Ceil Balmond, OBE spoke of structures as the 'punctuation of space, episodic and rhythmic'. It's not unlike how a poorly placed period or comma in a sentence can ruin a sense of gravity or lightness. His way of looking at structures re-establishes the relationship between structures and life- with the breathing, living and rhythmic body.
My 5 min presentation for the event on Sep 16, 2017 at the School of the Art Institute of Chicago:
The airport fascinates me as a socio-cultural phenomenon. Seldom do you find gathered in a building such a diversity of nationalities and cultures. In this slide, you see the Goddess of the Sea, Mazu and her 2 Heavenly assistants taking a business class flight from China to Malaysia for a religious event. They were issued boarding passes too.
Future innovations will need to recognize and address the needs and experiences of a diverse group of travelers and users. In Singapore, the Changi Airport is a destination for the young and old who come to the airport for a variety of reasons. So much so that Changi may be the only airport that has so many signs discouraging students from studying. Changi is more than just an airport to the locals. It is a third place, a term coined by Ray Oldenburg to describe a place that people gather that is neither a home nor the office.
First impressions count. The Copenhagen Airport is a showcase of Danish design. On the other hand, during the design of the Changi Airport in the 1970s, the Prime Minister then instructed the planners to plant rows of rain and palm trees along the highway leading from the airport to the city center, and that they be well maintained, for 2 reasons. First, it conveyed to arriving visitors that this is the tropics, and secondly, a signal to potential foreign investors that the city-state is well managed and the right place to invest their money in. This first impression was designed to reach a high point when the towers of capitalism, hidden by the trees, unfolded before your eyes as you reached the highest point of the Benjamin Sheares bridge after a 15 min taxi ride from the airport.
Vice versa, the experience of the airport starts before arriving at the terminal. The in-town check-in service in Hong Kong is a good example. It gives back some control of time to the travelers who have to negotiate an environment that encourages consumption yet tightly controlled and surveilled. I believe designing the experience before and after the airport is as important as the airport itself.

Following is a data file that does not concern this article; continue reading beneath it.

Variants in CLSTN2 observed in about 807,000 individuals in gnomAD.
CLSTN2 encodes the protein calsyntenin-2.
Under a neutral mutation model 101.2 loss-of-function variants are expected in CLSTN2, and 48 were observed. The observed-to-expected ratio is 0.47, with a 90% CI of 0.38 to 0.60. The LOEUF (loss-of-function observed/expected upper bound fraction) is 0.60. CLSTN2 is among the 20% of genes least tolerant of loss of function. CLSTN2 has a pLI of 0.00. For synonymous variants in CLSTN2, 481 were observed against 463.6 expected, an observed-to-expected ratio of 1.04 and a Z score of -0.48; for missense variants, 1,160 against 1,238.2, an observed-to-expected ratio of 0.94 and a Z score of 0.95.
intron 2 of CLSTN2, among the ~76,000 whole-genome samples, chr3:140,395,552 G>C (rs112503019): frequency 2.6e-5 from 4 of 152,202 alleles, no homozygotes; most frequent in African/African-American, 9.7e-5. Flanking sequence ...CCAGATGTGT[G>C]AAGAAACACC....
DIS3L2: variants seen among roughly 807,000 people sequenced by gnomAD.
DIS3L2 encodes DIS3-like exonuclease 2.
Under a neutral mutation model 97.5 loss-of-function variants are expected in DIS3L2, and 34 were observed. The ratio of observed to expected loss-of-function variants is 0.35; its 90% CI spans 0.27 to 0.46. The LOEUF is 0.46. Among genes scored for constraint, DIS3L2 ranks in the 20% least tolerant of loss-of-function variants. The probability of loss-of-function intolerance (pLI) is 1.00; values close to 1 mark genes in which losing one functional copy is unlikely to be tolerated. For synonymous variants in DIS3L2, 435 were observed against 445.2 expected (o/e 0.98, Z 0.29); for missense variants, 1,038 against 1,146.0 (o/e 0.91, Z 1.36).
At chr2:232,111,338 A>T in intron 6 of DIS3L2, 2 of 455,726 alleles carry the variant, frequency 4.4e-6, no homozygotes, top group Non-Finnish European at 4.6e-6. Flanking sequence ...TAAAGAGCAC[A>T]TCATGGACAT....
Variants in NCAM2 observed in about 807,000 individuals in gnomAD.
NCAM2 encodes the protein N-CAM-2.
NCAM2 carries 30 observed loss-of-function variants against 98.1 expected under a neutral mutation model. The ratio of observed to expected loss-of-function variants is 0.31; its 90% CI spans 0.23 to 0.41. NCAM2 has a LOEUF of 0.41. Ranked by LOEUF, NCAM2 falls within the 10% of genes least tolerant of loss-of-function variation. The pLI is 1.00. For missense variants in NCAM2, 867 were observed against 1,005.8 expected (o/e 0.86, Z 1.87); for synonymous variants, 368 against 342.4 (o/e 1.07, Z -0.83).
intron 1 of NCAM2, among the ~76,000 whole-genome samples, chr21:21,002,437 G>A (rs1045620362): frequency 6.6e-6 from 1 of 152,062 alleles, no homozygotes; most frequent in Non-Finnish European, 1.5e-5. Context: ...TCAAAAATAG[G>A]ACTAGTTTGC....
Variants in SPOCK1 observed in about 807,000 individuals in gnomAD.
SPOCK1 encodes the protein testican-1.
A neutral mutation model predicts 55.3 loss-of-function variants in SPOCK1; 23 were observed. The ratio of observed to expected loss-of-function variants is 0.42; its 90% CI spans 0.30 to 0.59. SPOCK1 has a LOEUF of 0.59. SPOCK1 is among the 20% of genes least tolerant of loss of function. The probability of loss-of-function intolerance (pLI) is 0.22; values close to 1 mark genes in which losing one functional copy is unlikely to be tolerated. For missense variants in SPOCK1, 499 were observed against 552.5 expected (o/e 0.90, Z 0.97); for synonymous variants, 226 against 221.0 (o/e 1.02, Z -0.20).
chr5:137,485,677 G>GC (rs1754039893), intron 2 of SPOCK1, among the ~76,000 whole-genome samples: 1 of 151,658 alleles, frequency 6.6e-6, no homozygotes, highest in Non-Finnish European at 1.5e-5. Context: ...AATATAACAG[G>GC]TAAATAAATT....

"My work depends on engineers, on electricians, and on a number of other specialists. And, in my office, I have more than twenty-five architects, so it's not very solitary. But, periodically, during the process of a project, I take home the drawings and I need to concentrate not only on designing and sketching things, but on really knowing the building, really knowing the project. I have to be able to walk through the whole building mentally without looking at the drawings, you know? I have to be able to sit and imagine walking through the building, going down each hall, entering the bathroom, washing my hands, going to the kitchen if it is a house. And if it is a public building, this can indeed be difficult. But I make every effort to study the project as it develops. Only when you can walk mentally through the building can you design the final details and can you feel the atmosphere of that building and what it really means. For this, I need moments to concentrate by myself, alone. In the office, this is not too easy because there are telephones, visitors-and interviews. But I can go home and sit alone and reflect."
Alvaro Siza Vieira.
"As much as poetry and literature, architecture is about relations between things and about passages from one to the other."
Alvaro Siza Vieira.